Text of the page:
Fact file

  • The owners: Eleanor Creedmiles-Naraine, a psychotherapist, lives here with her husband, Devendra, an osteopath and digital artist, and children Sev, 18, Indira, 14, and Zulika, 10
  • The property: A five-bedroom detached house, built in the 1890s
  • The location: Pershore, Worcestershire
  • What they spent: The couple’s kitchen extension cost around £107,000

A challenging design

Initially, the couple considered extending the original pitched roof, but soon chose to build a more radical design. ‘We started questioning why we were sticking to straight lines, and during a meeting with our chartered surveyor we came up with the idea to introduce curves,’ says Eleanor. ‘I’d briefly dashed to the bathroom, and by the time I’d returned, Devendra and the surveyor had designed the entire split-curved roof extending out from the back!’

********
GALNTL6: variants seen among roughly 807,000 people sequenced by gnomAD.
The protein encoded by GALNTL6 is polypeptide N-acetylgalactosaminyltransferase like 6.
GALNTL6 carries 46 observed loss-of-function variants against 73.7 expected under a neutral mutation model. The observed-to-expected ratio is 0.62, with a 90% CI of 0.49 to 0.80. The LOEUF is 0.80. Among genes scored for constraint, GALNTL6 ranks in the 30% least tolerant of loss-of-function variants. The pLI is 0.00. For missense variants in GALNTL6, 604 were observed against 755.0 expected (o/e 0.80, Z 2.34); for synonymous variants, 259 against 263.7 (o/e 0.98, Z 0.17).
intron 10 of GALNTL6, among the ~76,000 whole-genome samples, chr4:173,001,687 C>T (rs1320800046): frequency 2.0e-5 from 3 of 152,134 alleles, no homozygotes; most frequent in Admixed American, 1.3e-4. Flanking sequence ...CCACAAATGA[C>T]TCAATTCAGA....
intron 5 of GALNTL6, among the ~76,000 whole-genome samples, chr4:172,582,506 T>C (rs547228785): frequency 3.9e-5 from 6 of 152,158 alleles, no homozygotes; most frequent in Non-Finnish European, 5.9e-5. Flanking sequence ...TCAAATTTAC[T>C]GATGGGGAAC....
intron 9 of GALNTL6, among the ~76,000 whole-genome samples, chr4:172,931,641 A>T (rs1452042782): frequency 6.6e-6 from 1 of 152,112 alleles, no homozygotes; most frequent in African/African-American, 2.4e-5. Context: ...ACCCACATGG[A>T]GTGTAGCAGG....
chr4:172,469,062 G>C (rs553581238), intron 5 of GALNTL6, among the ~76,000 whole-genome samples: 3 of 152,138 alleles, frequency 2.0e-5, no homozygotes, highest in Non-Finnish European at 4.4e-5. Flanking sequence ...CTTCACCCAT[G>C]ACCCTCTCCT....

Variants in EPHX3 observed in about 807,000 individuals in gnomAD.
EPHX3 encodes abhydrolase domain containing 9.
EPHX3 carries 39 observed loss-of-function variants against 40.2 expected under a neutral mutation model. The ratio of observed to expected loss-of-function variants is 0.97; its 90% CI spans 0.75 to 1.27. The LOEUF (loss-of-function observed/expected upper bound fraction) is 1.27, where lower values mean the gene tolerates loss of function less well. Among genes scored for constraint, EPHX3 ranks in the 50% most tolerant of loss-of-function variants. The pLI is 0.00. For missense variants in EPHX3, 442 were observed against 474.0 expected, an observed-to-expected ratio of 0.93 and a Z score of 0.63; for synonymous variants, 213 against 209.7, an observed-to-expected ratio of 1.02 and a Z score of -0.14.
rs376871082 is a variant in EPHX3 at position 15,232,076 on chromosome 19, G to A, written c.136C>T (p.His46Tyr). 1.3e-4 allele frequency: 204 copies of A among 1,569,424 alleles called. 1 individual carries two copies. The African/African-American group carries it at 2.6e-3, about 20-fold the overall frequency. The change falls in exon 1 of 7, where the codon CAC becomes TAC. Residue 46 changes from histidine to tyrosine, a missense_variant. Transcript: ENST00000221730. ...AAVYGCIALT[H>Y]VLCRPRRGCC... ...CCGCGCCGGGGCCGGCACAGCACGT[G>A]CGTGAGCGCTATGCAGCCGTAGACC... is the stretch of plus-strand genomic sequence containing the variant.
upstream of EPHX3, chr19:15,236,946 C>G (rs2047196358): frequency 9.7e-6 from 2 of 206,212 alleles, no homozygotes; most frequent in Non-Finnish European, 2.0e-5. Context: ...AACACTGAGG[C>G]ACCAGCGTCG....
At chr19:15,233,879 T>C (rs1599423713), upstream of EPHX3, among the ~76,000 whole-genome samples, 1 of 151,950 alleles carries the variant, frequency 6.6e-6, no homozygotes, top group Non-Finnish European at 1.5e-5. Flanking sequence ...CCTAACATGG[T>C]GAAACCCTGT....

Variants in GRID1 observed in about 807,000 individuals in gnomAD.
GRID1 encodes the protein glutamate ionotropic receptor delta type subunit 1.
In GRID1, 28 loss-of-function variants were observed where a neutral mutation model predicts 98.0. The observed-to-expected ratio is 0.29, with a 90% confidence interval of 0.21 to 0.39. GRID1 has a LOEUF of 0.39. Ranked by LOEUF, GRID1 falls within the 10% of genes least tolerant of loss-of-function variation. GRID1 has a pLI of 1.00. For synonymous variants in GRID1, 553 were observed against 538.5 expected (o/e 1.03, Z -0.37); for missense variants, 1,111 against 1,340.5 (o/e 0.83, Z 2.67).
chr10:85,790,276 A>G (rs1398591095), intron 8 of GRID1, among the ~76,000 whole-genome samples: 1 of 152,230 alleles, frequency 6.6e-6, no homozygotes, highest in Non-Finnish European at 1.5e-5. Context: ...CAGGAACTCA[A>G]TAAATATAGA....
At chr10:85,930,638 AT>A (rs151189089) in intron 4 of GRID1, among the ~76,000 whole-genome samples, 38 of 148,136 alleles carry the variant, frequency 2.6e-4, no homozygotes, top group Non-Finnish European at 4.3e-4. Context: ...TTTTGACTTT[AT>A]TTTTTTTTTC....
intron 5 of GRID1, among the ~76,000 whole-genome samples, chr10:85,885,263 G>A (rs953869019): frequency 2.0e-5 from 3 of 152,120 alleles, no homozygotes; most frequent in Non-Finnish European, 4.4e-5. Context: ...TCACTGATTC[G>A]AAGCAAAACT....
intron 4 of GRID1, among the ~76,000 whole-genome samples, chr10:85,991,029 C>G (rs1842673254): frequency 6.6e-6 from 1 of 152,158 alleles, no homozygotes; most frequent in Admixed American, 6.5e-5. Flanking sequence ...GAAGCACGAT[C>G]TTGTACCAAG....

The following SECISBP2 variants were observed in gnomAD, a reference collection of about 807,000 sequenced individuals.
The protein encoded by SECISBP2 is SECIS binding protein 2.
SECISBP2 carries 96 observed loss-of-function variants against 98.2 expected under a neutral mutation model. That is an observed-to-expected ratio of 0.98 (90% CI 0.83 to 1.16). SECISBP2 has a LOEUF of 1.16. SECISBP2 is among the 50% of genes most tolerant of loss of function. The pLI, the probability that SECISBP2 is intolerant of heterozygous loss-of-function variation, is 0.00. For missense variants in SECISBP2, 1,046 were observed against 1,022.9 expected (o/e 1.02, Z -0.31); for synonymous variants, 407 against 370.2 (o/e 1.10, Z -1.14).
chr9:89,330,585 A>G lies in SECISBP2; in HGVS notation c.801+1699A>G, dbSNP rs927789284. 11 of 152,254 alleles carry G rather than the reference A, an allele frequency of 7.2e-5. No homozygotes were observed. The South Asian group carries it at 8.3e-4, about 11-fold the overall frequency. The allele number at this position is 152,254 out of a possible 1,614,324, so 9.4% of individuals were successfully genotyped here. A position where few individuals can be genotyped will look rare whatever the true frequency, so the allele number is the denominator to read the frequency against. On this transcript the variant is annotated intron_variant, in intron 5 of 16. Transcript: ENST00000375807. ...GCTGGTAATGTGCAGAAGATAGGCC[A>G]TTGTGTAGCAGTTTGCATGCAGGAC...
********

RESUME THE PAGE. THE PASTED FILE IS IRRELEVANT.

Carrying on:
‘With a project as personal as rebuilding our home, and with all our finances at stake, we couldn’t help but take an interest,’ says Devendra, who got involved with working out the challenging calculations for the curved roof. ‘It turned out that the heights of the flanking walls and curved roof, a key part of the project, weren’t quite right, so we faced serious delays and potentially huge extra costs.’

As Devendra had worked in art and design using CAD and 3D systems before training in osteopathy, he was able to take a second look at the calculations. ‘I’d built a detailed 3D model of the building to see how the internal spaces related to each other, so I had a clear idea of the project in my head,’ he says. ‘I did a site survey, a few drawing amendments, and obtained dimensions to send to the foundry for the curved roof steels.’

Creating a curved roof